I’m Different. You’re Different. What’s the Matter?

Imagine all people love the same color: Red.

All people love the same movie — only one movie: Star Wars.

Then only one music: Bohemian Rhapsody.

And only one food: Pizza.

I could go on forever providing examples, but these will suffice for now. The point is, we all have different preferences.

Some people prefer country music, and there are others who only enjoy jazz. Some prefer romantic drama movies, and others only watch sci-fi.

Novels. Some people love thriller Stephen King-esque, while others enjoy fantasy or drama.

Work environment. The introverts prefer silence and being alone. Extroverts want constant interaction with  coworkers.

Fashion. Most people prefer stylish trendy outfits, while some want simplicity, or just being themselves.

So which one is right, which one is wrong? There’s no right or wrong. It’s a matter of preference. And each one is unique. That’s how the world works and we should be glad we have different preferences. Because what if we all love the same thing?

The problem with our society is that some people force their own preferences to others — as if pointing a gun at their victims’ face if they don’t agree they’ll shoot them dead.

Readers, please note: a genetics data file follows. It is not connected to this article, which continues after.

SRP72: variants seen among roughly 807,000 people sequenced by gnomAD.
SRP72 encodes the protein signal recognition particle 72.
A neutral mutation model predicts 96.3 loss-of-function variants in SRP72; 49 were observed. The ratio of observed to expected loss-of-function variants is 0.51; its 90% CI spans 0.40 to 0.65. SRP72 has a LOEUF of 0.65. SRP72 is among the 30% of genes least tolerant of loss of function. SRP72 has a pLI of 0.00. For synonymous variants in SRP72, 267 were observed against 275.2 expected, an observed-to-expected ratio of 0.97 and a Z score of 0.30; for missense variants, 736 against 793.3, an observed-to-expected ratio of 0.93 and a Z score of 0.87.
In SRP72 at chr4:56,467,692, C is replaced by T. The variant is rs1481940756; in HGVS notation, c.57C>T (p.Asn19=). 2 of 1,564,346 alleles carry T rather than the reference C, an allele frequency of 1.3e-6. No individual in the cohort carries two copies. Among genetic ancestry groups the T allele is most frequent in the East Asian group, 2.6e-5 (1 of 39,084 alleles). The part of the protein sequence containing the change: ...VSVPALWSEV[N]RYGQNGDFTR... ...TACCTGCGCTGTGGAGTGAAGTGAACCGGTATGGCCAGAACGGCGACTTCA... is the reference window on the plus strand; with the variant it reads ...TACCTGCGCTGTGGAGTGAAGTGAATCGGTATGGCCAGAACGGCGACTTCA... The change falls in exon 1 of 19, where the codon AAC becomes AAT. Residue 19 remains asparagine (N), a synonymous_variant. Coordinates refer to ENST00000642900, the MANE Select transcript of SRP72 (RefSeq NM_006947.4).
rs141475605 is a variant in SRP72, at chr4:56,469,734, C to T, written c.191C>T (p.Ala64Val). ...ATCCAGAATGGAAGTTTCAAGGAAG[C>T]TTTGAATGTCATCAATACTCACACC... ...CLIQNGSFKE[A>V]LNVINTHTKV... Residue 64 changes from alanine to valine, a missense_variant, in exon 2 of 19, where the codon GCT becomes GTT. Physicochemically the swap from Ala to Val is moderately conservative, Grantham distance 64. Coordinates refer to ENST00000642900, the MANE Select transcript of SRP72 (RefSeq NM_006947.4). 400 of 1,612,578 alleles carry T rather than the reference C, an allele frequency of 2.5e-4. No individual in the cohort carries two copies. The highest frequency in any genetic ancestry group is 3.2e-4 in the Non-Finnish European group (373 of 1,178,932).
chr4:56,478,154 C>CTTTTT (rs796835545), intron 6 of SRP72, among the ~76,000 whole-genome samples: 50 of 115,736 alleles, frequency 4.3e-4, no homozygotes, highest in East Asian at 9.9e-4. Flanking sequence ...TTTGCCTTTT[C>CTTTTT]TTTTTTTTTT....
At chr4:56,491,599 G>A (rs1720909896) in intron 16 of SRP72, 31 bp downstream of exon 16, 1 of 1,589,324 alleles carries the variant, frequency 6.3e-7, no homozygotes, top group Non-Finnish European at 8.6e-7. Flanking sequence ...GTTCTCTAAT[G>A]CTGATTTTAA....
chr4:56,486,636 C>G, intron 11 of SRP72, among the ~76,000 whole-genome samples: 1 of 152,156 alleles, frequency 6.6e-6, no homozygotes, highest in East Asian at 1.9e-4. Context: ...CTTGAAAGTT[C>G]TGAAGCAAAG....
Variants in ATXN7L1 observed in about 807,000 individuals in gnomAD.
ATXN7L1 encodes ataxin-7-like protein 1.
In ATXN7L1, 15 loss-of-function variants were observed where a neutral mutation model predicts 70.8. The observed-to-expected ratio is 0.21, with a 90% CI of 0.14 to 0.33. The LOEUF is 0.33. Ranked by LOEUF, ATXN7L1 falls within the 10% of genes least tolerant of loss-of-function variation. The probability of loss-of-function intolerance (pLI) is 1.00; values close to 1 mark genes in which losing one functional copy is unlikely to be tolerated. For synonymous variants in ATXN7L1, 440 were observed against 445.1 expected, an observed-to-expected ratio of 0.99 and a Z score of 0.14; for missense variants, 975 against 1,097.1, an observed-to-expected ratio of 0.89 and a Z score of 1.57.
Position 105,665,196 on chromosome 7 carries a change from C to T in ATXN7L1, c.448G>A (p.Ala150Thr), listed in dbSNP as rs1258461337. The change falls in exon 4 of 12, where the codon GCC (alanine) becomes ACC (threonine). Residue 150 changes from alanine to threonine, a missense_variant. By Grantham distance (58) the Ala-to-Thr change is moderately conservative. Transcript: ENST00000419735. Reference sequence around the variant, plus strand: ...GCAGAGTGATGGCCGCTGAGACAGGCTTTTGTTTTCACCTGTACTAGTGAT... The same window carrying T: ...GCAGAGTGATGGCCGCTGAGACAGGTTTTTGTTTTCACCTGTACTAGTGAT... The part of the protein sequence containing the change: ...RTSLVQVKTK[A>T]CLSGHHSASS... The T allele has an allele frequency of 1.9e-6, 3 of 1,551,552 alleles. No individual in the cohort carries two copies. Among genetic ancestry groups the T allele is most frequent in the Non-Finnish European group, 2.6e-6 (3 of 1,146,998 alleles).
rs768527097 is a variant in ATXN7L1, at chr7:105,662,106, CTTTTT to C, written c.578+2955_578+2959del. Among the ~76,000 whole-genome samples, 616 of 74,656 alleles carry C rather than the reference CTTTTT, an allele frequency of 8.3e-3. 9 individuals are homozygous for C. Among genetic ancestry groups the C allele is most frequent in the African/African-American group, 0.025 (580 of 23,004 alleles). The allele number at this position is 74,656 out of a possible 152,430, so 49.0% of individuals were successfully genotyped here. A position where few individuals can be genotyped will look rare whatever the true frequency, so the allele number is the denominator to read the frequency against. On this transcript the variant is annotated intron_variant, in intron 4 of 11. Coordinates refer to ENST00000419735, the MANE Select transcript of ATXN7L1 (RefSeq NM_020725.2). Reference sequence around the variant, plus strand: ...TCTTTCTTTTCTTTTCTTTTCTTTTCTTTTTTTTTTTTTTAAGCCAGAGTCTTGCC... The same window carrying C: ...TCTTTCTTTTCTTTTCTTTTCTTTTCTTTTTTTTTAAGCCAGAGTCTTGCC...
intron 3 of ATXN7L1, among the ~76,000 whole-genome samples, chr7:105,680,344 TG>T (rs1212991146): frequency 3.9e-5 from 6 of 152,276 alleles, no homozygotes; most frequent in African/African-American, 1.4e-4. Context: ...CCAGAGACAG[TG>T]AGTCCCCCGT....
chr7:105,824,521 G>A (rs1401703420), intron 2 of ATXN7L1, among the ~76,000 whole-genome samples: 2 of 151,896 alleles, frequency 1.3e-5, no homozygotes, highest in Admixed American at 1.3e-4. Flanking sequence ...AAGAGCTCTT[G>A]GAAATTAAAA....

Some parents want their kids to follow a certain career because they believe it’s the only way, without giving their children a chance to pursue what they truly want.

Some school teachers reprimand their students for being silent and loner and slow reader, without considering their students’ personality. Maybe she’s introvert? Maybe she’s dyslexic? The film Taare Zameen Par (Every Child is Special) can explain it.

Isn’t it strange we believe everyone’s different, still get annoyed when we see other people dress weird outfits, or for men grow their hair long, or for women wear full body tattoos?

Maybe that person prefers that fashion or that lifestyle or that food or that music or that movie. Maybe that person prefers working at home because it makes them more productive. Or maybe they want to work in the office so they can interact with coworkers every day. I have no idea.

If you meet a person with different preferences from yours, respect. Listen to them. Empathize. If you don’t like what they want, then most probably, they don’t like your preferences too. And that’s not a problem.

On the other hand, if you think you’re alone because of your weird preferences, that’s not a problem either. There are many people who share your preferences. Find those people, and maybe, be friends with them. Yes, why not?

Have a great day.

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Jade Panugan

Some interesting questions about life and human behavior: What if there’s no money? Why we often feel the urge to prove that we’re right and others are wrong? Why we get pissed off at someone not doing good things? Why we hate? Why it’s hard to be content? I don’t have all the answers, do you? Let’s chat.